Resilience as defined in this Special Issue describes the degree of disturbance a socio-ecological system can withstand while remaining within critical thresholds, thus maintaining its core structure and functioning (Folke 2006). This conceptualisation presents a counterpart to vulnerability framings, which refer to damage potential due to stress exposure (Gallopin 2006). Resilience theory helps us better understand a system’s state or development trajectory, supporting the discussion of how shifts between states can be facilitated or prevented and how a system can be transformed when it is in an irreversibly undesired state. This requires a differentiation of who or which part of a socio-ecological system is resilient to which disturbance (e.g. weather extremes) and which property (e.g. food security) is affected by the disturbance. In some cases, it may be necessary to break the feedbacks that stabilise a system in a resilient but undesired state, while feedbacks that maintain desired states may need to be strengthened in other cases. It is vital to acknowledge the contested nature of resilience since the definition of ‘desired’ and ‘undesired’ states that shape development models, including dominant and alternative approaches, depends strongly on stakeholders’ necessities, expectations and prospects. In normative framings of sustainable development, resilience is explicitly associated with the need to improve the livelihood prospects of disadvantaged groups in society. Also inherently linked to resilience thinking is a capacity for learning and adapting, as well as passing critical thresholds and entering new development trajectories, that is to say transforming into a new state (Folke et al. 2010). While critical refinement of resilience theory to better capture social dynamics is clearly needed (Brown 2014; Cretney 2014; Tanner et al. 2015), the theory’s focus on learning, adaptability and transformability allows us to explore alternatives and emerging windows of opportunities for rural communities (Wilson 2012; Scott 2013).

The Resilience 2014 Conference in Montpellier, France provided an inspiring arena for discussing and further developing concepts of resilience, adaptation and transformation, building upon the preceding Resilience Conferences in 2008 and 2011. Reflecting the broad interest in and active demand for better understanding system dynamics and management options in the Andes, abundant research was presented addressing resilience and transformations in rural Andean systems, among others in two sessions on ‘Andean communities in the face of global change: Risks, uncertainties and opportunities for transformation’. This Special Issue was compiled after the Resilience 2014 Conference to present important examples of innovative resilience research in the Andes.

Key factors of resilience in the rural Andes covered in this Special Issue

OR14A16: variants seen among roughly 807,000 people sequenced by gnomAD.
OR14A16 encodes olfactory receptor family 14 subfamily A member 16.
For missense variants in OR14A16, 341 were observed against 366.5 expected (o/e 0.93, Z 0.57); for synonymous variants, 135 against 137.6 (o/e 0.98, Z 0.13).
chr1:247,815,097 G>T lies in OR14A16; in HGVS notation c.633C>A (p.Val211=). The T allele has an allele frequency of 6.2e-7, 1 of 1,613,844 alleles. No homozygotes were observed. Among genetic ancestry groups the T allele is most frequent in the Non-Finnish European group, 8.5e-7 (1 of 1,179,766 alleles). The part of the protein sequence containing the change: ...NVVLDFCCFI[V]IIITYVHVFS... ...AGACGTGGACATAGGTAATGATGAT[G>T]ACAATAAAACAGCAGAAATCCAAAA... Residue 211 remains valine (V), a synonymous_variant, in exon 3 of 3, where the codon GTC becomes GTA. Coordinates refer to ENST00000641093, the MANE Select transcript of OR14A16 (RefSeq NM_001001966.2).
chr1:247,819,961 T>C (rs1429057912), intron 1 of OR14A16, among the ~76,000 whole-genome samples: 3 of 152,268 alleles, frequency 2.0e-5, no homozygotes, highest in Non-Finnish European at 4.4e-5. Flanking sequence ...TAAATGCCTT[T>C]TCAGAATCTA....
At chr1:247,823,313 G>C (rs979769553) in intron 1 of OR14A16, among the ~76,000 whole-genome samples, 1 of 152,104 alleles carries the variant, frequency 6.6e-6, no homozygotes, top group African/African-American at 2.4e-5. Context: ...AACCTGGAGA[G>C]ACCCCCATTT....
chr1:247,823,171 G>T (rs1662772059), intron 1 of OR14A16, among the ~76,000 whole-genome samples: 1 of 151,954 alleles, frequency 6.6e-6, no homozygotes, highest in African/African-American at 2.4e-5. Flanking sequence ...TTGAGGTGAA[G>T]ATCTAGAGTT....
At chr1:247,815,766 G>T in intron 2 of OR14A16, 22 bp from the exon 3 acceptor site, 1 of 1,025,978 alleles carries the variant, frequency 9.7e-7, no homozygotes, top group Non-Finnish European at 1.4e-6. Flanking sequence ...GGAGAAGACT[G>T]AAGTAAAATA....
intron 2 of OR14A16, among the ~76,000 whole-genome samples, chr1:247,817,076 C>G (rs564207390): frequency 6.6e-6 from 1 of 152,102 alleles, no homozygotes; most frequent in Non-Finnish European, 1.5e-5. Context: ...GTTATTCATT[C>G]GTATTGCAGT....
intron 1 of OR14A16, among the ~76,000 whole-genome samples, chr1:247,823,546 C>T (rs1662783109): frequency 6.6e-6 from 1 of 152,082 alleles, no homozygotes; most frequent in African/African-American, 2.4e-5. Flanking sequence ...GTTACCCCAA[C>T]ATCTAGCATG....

This Special Issue comprises six papers that investigate core features of resilience in a variety of socio-ecological systems in rural areas of the central and southern Andes (Fig. 1). These papers analyse underlying dynamics and discuss constraints to and opportunities for improving resilience in rural systems exposed to environmental, social and economic variability and change. In particular, the papers in this Special Issue assess three major factors of resilience in the rural Andes: diversity, connectivity and development models. While the diversity and connectivity factors refer to specific conceptual facets of resilience theory, the discussion of development models presents a more applied focus on how development priorities, agency and power relate to resilience, re-emphasising the role of diversity and connectivity. The papers’ contributions to understanding these resilience features are outlined in the following subsections.
Fig. 1

Andean regions and countries covered in this Special Issue [A = Vallejo-Rojas et al. (2016), B = Doughty (2016), C = Zimmerer and Rojas Vaca (2016), D = Montaña et al. (2016), E = Chelleri et al. (2016), F = Easdale et al. (2016); ordering according to location. Map based on Natural Earth]

Diversity

All papers in this Special Issue explore the role of diversity as a foundation of resilience. Diversity refers to the variety and heterogeneity of components and functional relations that shape socio-ecological systems, allowing ecosystems and people flexibility to cope with and manage the effects of disturbance and ongoing change. The papers presented here demonstrate that the integration of multiple crop varieties, environmental conditions, livelihood opportunities, social relations and actors’ perspectives enables Andean people to respond in various ways to disturbance and adapt to uncertainty. This response diversity creates a mosaic of resilient and vulnerable system parts, ensuring that some components persist, recover or transform when disturbed, while others may experience damage or disappear.

Easdale et al. (2016), Zimmerer and Rojas Vaca (2016) and Chelleri et al. (2016) assess ecosystem diversity and landscape, as well as crop and livelihood heterogeneity. Easdale et al. (2016) discuss ways in which transhumant pastoralists benefit from altitudinal heterogeneity, along with its related climate differences and ecosystem diversity, through mobilising their livestock herds. This discussion forms a basis for exploring policy options for reducing vulnerability to environmental disturbances through the maintenance of common property institutions that can support ecological diversity. Zimmerer and Rojas Vaca (2016) identify the spatial clustering of fields as a viable strategy to conserve the high agro-biodiversity of traditional Andean maize. Cultivating phenologically diverse maize varieties allows farmers to adapt to unpredictable and highly variable climate conditions and water scarcity. Chelleri et al. (2016) show that the focus on mono-cultural quinoa cash-cropping has diminished natural and agricultural biodiversity and has caused soil degradation. Moreover, this paper argues that managing the trade-offs between exposure and communities’ capacity to adapt to multiple disturbances requires a non-linear understanding of the interaction between resilience and vulnerability that goes beyond the linear notion that places these concepts at the extreme ends of a continuum.